In 2002, Andy Lyons made a promise to his big brother, Steve.
In a hotel room adjacent to Northwestern Memorial Hospital in Chicago, where Steve had been admitted after being diagnosed with pancreatic cancer, he said to Andy, “Please don’t let this happen to you. We have to stop this.
Says Andy: “I couldn’t agree more.”
Steve died seven weeks later. And for the next 21 years, Andy lived that commitment to his brother, a person he calls “my superman and my hero.”
He also channels the memory of many other beloved family members, who all died of the same disease.
“My family has a long, long, long, long history of pancreatic cancer,” Andy said. “My grandmother died of it. And at least two, maybe three of his sisters, then my mother. And then my mother’s twin sister. And then their brother. And then, finally, my brother. It took me a while to see the connection, probably because I didn’t want to. But when my brother got it, I just knew it was coming my way.
Andy wants to find out why his family has been hit so hard by pancreatic cancer. Not only is it a fitting tribute to loved ones, but it also helps other families as researchers strive to understand the complex relationship between a person’s genetic makeup and disease.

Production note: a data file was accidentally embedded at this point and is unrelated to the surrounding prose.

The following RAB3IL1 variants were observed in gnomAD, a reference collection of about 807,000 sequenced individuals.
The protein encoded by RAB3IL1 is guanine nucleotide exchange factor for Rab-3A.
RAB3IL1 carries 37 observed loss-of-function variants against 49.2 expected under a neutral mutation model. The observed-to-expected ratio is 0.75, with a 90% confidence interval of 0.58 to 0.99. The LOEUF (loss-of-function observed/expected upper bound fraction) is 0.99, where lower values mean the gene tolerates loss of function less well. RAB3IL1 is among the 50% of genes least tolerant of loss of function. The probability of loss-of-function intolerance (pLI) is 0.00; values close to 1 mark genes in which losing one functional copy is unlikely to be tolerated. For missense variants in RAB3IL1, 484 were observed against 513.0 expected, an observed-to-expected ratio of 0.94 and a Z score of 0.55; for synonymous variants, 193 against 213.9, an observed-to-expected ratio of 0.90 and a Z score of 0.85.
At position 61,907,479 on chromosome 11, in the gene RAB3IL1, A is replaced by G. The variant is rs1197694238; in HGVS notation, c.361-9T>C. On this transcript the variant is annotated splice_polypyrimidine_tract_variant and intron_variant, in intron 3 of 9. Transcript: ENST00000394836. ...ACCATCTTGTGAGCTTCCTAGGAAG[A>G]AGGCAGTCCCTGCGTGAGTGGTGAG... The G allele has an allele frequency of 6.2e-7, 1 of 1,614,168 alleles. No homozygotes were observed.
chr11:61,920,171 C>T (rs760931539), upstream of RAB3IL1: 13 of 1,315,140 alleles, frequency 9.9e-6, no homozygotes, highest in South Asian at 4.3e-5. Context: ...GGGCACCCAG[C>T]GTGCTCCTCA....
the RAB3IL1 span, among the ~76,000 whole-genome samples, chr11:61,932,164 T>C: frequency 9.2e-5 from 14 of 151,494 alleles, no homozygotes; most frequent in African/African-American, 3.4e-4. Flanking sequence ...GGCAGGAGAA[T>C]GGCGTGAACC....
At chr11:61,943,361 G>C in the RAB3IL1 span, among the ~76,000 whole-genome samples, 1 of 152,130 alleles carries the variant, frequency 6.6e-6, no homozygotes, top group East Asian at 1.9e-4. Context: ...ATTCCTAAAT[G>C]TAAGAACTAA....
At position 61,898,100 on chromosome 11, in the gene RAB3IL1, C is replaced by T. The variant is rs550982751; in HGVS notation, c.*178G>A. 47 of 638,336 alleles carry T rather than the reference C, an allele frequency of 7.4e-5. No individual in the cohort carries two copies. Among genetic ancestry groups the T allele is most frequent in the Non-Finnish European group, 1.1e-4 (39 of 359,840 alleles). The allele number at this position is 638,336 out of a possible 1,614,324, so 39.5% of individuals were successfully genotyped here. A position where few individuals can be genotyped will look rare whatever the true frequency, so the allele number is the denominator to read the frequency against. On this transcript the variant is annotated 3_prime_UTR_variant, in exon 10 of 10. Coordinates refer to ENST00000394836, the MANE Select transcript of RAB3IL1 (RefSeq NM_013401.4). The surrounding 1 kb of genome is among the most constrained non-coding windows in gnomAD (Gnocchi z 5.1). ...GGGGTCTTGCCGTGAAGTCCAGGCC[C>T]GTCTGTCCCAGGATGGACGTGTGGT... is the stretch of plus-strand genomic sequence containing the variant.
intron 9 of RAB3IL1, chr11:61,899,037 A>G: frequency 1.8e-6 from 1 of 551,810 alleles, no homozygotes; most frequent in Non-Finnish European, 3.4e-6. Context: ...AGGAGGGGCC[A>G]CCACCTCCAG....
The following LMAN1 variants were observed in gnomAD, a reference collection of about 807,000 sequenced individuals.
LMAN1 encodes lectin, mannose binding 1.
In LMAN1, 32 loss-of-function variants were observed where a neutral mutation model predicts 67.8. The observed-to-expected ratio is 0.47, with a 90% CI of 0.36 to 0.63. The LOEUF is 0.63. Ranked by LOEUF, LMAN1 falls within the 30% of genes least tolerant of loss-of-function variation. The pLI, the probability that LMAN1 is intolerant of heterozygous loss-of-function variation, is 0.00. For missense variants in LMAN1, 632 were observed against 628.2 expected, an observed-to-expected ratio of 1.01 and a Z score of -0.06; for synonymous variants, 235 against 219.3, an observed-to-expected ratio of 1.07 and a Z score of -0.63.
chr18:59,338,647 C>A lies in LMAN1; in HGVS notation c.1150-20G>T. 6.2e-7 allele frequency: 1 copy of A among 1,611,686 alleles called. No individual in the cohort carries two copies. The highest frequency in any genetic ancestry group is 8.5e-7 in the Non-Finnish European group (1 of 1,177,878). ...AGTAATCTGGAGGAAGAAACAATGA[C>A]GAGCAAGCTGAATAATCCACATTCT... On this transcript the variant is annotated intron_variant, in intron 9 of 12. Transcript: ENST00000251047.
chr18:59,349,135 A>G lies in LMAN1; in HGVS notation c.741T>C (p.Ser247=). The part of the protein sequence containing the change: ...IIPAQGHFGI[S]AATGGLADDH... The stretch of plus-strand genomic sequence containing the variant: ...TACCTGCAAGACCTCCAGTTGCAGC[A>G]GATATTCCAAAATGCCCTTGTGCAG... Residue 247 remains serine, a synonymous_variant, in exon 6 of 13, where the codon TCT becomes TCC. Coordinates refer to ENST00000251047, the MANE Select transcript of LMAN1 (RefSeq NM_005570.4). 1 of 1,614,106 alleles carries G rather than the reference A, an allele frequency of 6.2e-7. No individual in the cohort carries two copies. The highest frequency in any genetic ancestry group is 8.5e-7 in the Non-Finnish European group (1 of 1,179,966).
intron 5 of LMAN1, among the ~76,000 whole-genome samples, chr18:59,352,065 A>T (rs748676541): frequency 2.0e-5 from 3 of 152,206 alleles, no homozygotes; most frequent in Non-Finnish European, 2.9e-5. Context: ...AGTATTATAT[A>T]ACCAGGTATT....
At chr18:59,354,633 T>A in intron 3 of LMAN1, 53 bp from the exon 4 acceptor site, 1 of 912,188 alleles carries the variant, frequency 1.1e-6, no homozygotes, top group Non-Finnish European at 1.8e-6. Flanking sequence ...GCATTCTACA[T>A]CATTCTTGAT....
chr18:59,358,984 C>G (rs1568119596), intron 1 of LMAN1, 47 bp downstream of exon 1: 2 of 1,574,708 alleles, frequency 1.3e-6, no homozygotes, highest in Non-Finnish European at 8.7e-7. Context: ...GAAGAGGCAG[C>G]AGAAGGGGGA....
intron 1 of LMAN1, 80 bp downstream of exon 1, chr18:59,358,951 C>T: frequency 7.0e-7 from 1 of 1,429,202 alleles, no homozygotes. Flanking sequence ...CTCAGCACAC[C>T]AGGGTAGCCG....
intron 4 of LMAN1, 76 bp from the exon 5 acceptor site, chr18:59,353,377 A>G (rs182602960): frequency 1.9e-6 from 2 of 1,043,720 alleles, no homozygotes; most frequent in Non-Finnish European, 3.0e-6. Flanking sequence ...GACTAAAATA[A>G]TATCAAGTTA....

For a few years, Andy had had annual CT scans to check for any signs of cancer, but he felt that wasn’t enough. He began looking for a doctor who specialized in pancreatic cancer and genetic risk, as the field was in its infancy at the time. Finally, Andy found a familial pancreatic cancer research program led by a gastroenterologist who had just moved to Chicago from Omaha.
To find out if he would even be eligible for the program, Andy had to go through what is usually an in-depth interview but only two questions (“Do you have a history of pancreatic cancer in your family?” “Well, yes. ”Are you of Eastern European Jewish descent? ”Yes, I am.”), he was accepted into the study and began regular testing and monitoring.
“The next day I had an ultrasound endoscopy and the doctor took blood and tissue samples,” Andy said. “It was the start of our almost 20 years together.”